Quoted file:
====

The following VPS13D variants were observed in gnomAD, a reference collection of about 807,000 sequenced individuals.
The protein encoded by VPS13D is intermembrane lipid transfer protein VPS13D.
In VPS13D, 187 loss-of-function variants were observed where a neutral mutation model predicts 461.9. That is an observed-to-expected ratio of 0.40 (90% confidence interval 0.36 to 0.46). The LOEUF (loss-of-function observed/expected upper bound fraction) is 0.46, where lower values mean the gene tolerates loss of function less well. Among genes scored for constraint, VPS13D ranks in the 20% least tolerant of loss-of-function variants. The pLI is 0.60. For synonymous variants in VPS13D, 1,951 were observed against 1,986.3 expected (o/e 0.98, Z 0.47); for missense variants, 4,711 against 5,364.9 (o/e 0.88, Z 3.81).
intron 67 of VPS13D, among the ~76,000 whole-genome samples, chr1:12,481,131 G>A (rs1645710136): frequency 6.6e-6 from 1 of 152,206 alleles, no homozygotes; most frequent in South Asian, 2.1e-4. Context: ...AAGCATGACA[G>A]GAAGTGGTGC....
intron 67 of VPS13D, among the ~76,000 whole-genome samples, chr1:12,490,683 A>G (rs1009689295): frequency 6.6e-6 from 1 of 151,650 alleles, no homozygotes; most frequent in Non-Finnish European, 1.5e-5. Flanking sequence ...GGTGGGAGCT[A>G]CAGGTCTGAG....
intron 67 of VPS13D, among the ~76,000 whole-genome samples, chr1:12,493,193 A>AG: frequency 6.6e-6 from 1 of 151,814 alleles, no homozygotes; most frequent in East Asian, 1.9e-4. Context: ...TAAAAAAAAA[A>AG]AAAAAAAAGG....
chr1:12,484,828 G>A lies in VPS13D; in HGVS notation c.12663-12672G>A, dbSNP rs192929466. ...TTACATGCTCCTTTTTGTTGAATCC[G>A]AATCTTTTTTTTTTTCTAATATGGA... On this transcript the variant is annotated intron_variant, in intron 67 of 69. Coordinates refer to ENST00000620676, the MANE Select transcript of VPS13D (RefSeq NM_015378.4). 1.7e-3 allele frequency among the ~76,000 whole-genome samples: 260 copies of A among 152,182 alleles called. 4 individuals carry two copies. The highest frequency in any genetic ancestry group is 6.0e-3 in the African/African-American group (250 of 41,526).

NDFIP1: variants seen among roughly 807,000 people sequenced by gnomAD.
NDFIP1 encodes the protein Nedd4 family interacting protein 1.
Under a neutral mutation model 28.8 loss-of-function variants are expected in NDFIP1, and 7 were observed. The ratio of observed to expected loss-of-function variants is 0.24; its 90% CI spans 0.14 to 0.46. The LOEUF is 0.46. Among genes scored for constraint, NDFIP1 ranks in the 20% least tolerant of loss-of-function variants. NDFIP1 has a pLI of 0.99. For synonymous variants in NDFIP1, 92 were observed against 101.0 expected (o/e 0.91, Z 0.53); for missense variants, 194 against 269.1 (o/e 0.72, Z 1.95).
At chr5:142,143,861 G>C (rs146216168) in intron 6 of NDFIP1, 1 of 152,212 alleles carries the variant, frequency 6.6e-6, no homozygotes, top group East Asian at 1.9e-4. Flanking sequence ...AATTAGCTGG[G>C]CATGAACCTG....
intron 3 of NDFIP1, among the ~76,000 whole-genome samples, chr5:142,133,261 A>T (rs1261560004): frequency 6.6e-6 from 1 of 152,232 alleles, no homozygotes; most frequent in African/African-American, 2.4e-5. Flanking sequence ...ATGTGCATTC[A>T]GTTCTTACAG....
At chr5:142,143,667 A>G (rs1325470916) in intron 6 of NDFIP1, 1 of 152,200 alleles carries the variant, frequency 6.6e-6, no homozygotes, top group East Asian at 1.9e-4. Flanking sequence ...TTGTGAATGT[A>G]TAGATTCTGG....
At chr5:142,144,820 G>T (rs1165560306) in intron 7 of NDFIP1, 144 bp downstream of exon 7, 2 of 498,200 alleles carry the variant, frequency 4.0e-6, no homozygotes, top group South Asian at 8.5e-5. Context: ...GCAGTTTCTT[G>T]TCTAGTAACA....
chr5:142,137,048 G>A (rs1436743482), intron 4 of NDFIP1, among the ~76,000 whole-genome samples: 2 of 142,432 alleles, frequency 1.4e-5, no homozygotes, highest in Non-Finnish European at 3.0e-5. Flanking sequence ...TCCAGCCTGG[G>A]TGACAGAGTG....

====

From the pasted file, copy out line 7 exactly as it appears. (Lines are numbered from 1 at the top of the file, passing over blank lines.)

chr1:12,484,828 G>A lies in VPS13D; in HGVS notation c.12663-12672G>A, dbSNP rs192929466. ...TTACATGCTCCTTTTTGTTGAATCC[G>A]AATCTTTTTTTTTTTCTAATATGGA... On this transcript the variant is annotated intron_variant, in intron 67 of 69. Coordinates refer to ENST00000620676, the MANE Select transcript of VPS13D (RefSeq NM_015378.4). 1.7e-3 allele frequency among the ~76,000 whole-genome samples: 260 copies of A among 152,182 alleles called. 4 individuals carry two copies. The highest frequency in any genetic ancestry group is 6.0e-3 in the African/African-American group (250 of 41,526).